Beautiful Bali!

Tuesday, June 1, 2004
Bali is one of those places you always hear about – a tropical paradise on the other side of the world. For me, the image it conjured up was exactly that, a tropical paradise. But the reality is that despite the fact that Bali is a tropical paradise, it exists in a country with more than its fair share of crime, corruption and poverty. Add to that the terrorist bombings of recent past and it becomes quite easy to forget sometimes that you are really in paradise, especially when you are in Kuta (where the bomb in the nightclub went off last year). There is a gigantic hole where the club used to be, plus the World Bank is sponsoring a renovation of the Kuta sewerage system, Indonesia style. The sewers are directly below all the sidewalks. They’ve got every sidewalk in the entire area torn up with giant holes everywhere. And, it appears that there are less than a dozen people working on the project. The work is so slow it practically looks abandoned!

One place in Bali that still does seem like paradise is the town called Ubud… where we spent five days! It’s tropical in all the ways you would think of – complete with monkey forests, temples, and palaces. One night we went to see the traditional Monkey Trance Dance, which was cool. And, you get to stay in traditional Bali family homes. These homes are big tropical gardens where the whole extended family lives. In the ones where the tourists get to stay, the families still live there but they add a couple of rooms for extra income! There are all sorts of intricacies about the traditional home as well; it is shaped like person - with a head, body and anus… that’s where they put all the trash and the compost heap. There is always a giant doorway complete
with grimacing statues to keep out the evil spirits. Also, the little paths leading around the family complex and to the rooms are extremely curvy and practically overgrown with tropical jungle. This is to confuse any evil spirits that make it past the grimacing statues! And, apparently evil spirits can’t make 90 degree turns, especially if they can’t find the path in the first place.

After soaking up the atmosphere of Ubud, Rob and I and a Nepali Peace Corps Volunteer named Trey, rented a car for two days to avoid the typical tourist extortion. We wanted to go to the wreck of the U.S. Liberty and hike up one of the volcanoes. The wreck was fantastic, and I only went snorkeling! I think it is one of the few wrecked ships that can actually be snorkeled. Rob and Trey went scuba diving and said it was the best dive site they have ever been to. It is an American cargo ship that the Japanese torpedoed in World War II. The Americans towed it to shore so that the Japanese wouldn’t benefit from its contents. It sat on that eastern Bali shore until the force of nearby volcanic eruption tossed it into the ocean. It plunged just far enough so that it is entirely immersed under water. It is now home to an abundance of coral and fish! You can have a look at Rob’s website if you want to see underwater photos from the wreck.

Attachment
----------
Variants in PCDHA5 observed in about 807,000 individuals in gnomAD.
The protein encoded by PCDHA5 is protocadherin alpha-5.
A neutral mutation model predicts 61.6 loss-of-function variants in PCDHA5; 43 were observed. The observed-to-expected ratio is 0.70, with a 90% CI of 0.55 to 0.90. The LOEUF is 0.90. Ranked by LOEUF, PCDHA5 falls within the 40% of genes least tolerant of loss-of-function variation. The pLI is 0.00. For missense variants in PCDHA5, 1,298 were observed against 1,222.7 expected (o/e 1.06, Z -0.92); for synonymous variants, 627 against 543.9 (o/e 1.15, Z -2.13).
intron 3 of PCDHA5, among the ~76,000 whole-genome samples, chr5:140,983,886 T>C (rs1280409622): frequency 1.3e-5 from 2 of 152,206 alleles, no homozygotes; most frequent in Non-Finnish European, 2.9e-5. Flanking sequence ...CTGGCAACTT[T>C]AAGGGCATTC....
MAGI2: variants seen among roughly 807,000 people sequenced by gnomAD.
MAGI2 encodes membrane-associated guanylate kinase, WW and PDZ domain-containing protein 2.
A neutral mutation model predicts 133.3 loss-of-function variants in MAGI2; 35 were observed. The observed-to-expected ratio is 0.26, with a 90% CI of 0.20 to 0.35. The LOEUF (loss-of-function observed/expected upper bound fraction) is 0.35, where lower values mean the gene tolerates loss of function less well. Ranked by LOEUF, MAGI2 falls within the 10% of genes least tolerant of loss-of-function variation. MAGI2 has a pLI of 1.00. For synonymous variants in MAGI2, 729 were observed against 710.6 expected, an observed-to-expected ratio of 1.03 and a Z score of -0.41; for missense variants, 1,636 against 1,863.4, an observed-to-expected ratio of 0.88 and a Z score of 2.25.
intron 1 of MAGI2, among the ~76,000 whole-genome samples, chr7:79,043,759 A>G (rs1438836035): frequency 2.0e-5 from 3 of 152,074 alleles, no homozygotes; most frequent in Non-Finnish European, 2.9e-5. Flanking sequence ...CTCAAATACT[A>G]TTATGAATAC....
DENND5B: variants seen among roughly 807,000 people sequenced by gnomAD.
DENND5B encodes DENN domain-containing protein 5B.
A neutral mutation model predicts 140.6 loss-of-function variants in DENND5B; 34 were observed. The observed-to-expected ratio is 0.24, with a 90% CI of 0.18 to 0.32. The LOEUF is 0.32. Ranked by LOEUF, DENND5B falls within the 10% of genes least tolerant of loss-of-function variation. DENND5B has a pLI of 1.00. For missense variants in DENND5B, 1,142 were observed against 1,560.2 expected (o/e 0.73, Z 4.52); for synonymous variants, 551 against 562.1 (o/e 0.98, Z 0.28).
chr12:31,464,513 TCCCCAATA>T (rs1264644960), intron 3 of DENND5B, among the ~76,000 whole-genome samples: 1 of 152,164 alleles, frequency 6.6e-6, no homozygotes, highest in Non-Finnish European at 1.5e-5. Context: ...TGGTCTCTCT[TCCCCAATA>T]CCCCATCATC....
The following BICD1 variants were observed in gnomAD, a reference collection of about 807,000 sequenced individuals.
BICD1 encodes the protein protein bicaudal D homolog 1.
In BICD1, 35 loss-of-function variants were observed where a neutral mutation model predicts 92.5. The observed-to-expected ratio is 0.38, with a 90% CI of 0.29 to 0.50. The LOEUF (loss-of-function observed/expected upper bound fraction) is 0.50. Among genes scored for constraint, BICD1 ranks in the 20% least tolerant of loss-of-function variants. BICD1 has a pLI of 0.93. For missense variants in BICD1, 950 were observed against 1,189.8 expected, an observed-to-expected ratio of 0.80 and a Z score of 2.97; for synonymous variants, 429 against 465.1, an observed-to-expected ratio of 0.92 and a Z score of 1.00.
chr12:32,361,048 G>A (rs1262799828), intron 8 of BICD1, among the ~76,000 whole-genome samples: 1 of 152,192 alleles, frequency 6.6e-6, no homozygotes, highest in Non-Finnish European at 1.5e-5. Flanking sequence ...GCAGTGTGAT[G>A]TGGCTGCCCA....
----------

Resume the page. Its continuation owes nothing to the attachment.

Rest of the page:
After going to the ship wreck, we spent the day driving to the volcano and all the while admiring the unbelievably gorgeous views of the ocean, volcanoes, and rice paddies galore. The road map we bought was very unspecific and the roads we were driving on were virtually unmarked, so we took many wrong turns. We even thought that we went to Bali’s most religious site which is perched halfway up a volcano at the end of a road. But, as we found out from a local when we stopped for directions all the roads go in the area go halfway up the volcano and have a temple perched at the top! Of course they do! We just chose the wrong road.

That night after NOT going to Bali’s most religious temple we went to the volcano and were accosted by the local volcano mafia. There is only one road into town and when we arrived at that intersection there were THREE men on motorcycles there waiting. We promptly ignored them and carried on trying to find the hotel we found in our guidebook. Those three motorcycles followed us the whole way yelling, “We are not mafia! We only want to help! We will show you a hotel!” Sure, we believe you. They tried to block the road, they tried rolling down the windows, etc. but fortunately Rob just plowed through them. Our hotel was renovating their restaurant, so they let us eat on the balcony of the room… and sure enough… who comes sauntering in eating food provided our hotel but the most persistent of the moped drivers. Trey chased him out.

All of the touts have gotten together and forbidden hikers to go up the mountain without a guide – and you can only get a guide from the mafia. When we tried driving to the parking lot where we intended to start our hike from, the same thing happened, only this time the mafia moped man (MMM) prevented us from finding that parking lot and from actually climbing. He told us that we’d fall off the mountain if we didn’t use a guide and then proceeded to show us photos of bloody people being carried off in stretchers because they didn’t use a guide. And (even though he claimed to not be mafia) he threatened to have fifteen of his friends block the road if we didn’t pay him as our guide. After at least an hour of driving and getting followed, we decided to just enjoy the scenery that was near us and went tromping through the lava, going no further than 10 feet from the road while Rob stayed with the car. The best part was, one of the Swedish tourists we picked up from the side of the road (miles from their destination) actually spoke Indonesian! She talked to MMM and eventually he drove away. All in all it was still a fun two-day road trip, but I can’t say I’d recommend it!

We have just happily arrived to Malaysian Borneo for the next few weeks!

Love, Alison


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